Aortic Root Dilatation After Repair of Tetralogy of Fallot
Pathology From the Past?
Repair of tetralogy of Fallot (TOF) has been performed since 19541 and adult survival is expected.2 Long-term problems include arrhythmias, both supraventricular and ventricular, and residual hemodynamic problems, which are generally well tolerated for many years; these include residual ventricular septal defect and pulmonary stenosis but, most commonly, pulmonary regurgitation, with its consequent right ventricular dysfunction and tricuspid regurgitation. Although the most common reason for repeat surgery in the adult after TOF repair relates to problems in the right ventricular outflow tract, the aortic root is often forgotten. In this issue of Circulation, Niwa et al3 report a series of 32 patients who demonstrated a dilated aortic root after surgical repair of tetralogy of Fallot (TOF). Aortic root size measured echocardiographically was >1.5 expected diameter by standard nomogram. This “dilator” group comprised almost 15% of their TOF patient population. Characteristics of these patients with TOF compared with age-matched controls included a higher prevalence of pulmonary atresia, a longer shunt-to-repair interval, and a right aortic arch. Other features were consequent on the dilated aorta rather than causal, moderate-to-severe aortic regurgitation and a larger left ventricle both echocardiographically and radiographically. Two of these patients needed aortic valve replacement and root repair.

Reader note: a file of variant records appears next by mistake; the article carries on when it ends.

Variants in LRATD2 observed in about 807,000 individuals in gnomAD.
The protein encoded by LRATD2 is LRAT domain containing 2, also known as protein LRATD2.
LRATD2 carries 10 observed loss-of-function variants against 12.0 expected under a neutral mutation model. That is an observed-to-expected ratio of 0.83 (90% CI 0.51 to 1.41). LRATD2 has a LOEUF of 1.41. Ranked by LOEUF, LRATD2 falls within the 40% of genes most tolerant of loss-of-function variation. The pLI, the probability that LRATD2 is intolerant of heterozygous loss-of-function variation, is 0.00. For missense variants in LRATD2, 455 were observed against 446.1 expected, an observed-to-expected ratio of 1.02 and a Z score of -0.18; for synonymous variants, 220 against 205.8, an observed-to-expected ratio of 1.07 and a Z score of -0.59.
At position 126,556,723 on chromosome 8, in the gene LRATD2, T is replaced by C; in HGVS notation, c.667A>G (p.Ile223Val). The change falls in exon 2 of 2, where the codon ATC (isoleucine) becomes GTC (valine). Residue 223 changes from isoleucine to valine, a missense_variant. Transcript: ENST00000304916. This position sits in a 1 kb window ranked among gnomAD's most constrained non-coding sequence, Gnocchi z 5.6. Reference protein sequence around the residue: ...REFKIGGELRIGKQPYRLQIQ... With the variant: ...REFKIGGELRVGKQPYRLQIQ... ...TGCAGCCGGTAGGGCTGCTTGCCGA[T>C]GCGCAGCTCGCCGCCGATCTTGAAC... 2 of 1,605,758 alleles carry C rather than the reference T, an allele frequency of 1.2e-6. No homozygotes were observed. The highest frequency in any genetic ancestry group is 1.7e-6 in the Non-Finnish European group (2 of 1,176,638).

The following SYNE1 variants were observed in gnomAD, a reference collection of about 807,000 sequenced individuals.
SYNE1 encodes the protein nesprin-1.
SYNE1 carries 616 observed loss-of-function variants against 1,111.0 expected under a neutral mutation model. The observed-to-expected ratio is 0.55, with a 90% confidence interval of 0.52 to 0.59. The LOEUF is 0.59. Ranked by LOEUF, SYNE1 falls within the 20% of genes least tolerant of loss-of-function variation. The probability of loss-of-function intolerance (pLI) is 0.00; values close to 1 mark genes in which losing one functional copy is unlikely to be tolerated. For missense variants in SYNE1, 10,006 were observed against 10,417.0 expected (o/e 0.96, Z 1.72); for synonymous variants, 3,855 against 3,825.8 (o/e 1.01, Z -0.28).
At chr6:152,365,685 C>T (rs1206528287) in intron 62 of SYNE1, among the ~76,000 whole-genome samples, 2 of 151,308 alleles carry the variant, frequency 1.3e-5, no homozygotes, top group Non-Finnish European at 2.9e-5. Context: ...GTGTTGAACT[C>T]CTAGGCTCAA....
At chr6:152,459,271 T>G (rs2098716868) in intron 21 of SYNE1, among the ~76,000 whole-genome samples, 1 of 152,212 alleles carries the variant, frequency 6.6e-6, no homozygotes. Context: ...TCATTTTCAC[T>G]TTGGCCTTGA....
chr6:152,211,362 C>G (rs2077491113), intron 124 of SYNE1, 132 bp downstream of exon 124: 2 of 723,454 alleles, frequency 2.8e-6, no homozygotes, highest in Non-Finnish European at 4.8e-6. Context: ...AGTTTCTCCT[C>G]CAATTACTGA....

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These observations are not new. Progressive aortic root dilatation after complete uncomplicated repair of TOF has been noted previously,4 and others have reported aortic regurgitation.5–7⇓⇓ In the majority of patients, however, the aortic regurgitation is mild and of little or no clinical consequence.6,7⇓ In the Mayo Clinic series, 16 patients4 had aortic valve replacement after TOF repair of whom 4 also had aortic root replacement. Eleven of these 16 patients had pulmonary atresia. The mean age at repair in this series was also relatively advanced (13.5 years), although 1 patient was only 3 months old. The echocardiographic morphology of the aortic root is usually abnormal and is manifest by both enlargement and effacement of the sinotubular ridge in about three-fourths of adult tetralogy patients.7 This anatomy results in some degree of aortic regurgitation in 74%, usually mild-to-moderate but occasionally severe.7